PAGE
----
In July 2012, the Home Office introduced the notoriously restrictive assessment of the financial requirements for partners or spouses of British citizens or persons settled here.

The appendix attached to the Immigration Rules requires the British or settled spouse to have a minimum income of £18,600 per annum, or significant savings. Support from third parties (e.g. family members) or potential employment offers for the foreign national spouse were not relevant and were not considered during the application process.

Supreme Court

The very recent decision of the Supreme Court on this issue, and discussion about family immigration rules have been widely covered in the news and social media extensively over the past few weeks. The media comprehensively covered the Secretary of State winning the case and the judgement that the rules are lawful: The Guardian wrote that the Supreme Court backs minimum income rule for non-European spouses, and the BBC reported that income rules for foreign spouses were upheld.

What has not been prominently broadcast is that the case was actually a victory for the applicants. The Home Office had been directed to prepare a report for the Supreme Court on its amendments to its guidance on assessing financial support for families.

Although the Court held that the Rules themselves are not unlawful, their application in individual cases can be unlawful.

The interpretation of the Supreme Court judgment allows spouses to submit applications for entry clearance or applications for leave to remain in the UK, even where the minimum income is not strictly met. This isn’t to say that the income requirement should be ignored, nor applications where the partner in the UK has no income or savings at all are being encouraged. Each application will be looked at on its own merits.

The decision makers are expected to consider:

  • The impact of their decisions on the family, as in many cases the rights of the children have been ignored)
  • Projection of the family’s financial future, where a potential income or a job offer made to the foreign spouse should be taken into account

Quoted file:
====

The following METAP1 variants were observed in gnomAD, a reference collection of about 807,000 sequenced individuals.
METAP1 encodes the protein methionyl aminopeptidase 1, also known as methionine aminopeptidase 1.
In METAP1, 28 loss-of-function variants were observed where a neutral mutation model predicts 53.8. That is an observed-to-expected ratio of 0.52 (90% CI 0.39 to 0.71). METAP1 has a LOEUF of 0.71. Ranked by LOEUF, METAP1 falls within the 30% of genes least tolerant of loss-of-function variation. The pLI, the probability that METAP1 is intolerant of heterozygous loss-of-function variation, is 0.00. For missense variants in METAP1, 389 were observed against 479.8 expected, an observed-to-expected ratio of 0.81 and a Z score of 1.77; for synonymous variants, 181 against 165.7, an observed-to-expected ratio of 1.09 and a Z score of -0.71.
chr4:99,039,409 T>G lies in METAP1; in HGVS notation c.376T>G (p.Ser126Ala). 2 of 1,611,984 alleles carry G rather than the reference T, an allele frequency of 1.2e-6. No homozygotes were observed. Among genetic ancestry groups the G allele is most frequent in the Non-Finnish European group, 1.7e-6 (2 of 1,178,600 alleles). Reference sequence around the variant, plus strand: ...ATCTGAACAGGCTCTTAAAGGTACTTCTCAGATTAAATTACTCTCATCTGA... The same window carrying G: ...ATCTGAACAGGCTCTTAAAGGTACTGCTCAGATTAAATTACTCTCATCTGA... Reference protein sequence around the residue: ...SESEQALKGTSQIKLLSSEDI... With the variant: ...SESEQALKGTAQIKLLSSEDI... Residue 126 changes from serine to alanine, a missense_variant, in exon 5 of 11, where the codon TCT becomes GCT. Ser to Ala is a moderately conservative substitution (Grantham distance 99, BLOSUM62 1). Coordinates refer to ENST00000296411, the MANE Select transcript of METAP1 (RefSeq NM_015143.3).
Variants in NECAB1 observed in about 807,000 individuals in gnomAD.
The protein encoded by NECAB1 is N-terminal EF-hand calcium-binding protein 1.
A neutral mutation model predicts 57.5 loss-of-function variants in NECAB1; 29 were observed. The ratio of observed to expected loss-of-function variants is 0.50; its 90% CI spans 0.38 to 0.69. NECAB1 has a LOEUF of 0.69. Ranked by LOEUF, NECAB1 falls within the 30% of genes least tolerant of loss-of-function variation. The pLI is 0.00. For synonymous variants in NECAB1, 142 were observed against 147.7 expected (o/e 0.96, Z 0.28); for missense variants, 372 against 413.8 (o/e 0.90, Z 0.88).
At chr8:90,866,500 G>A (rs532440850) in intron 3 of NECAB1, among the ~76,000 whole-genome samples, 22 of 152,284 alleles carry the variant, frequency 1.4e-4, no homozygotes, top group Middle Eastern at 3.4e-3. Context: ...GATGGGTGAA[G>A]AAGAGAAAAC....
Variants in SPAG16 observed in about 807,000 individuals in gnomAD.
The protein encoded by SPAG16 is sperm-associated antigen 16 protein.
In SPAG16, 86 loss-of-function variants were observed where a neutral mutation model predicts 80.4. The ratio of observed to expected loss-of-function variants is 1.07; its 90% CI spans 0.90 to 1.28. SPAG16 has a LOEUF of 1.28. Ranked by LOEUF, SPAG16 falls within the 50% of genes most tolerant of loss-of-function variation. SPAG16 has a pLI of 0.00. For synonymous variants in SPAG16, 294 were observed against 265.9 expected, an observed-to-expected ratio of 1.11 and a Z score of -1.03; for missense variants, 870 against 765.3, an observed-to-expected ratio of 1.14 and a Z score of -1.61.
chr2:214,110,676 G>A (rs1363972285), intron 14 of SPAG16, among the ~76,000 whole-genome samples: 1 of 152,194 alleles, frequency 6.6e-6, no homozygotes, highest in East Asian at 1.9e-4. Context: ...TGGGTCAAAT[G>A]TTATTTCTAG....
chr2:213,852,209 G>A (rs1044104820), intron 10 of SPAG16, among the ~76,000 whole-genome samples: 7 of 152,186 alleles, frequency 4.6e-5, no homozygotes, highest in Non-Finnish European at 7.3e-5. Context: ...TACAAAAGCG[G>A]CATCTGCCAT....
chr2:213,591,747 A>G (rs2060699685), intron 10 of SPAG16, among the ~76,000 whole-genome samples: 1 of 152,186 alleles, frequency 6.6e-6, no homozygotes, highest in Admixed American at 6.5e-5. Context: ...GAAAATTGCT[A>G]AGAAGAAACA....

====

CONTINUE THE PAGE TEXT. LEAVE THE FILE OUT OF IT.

Not every offer of employment will necessarily be deemed genuine and satisfactory. Entry clearance officers will look at the applicant’s background, their education and potential to gain employment and earn the money on which they would be relying within the application.

Where the British or settled partner is not meeting the income requirement (and where there are circumstances which make the application of the strict Rules and Appendix requirements governing financial requirement unlawful and breaching the applicant’s rights to family life), the applicant may be able to rely on support from family members topping up the difference. Geography will also be considered: i.e. where the family will live in the UK is important in assessing the financial situation as cost of living changes depending on location.

Summary

The Immigration Rules are not the ‘be all and end all’ when assessing circumstances and human rights in family applications. They are only the beginning.

The Immigration Rules are not law, they are the administrative policy of the Home Office and decision makers, as well as judiciary must bear this in mind when considering family applications. Applications should be approached on an individual basis.

Advice to applicants

It is your responsibility to prove your case. Applications require detailed evidence to convince the decision maker that the applicant has the potential to live in the UK without any reliance on public funds, as this is what the Home Office considers to be in the best interest of the public in the UK.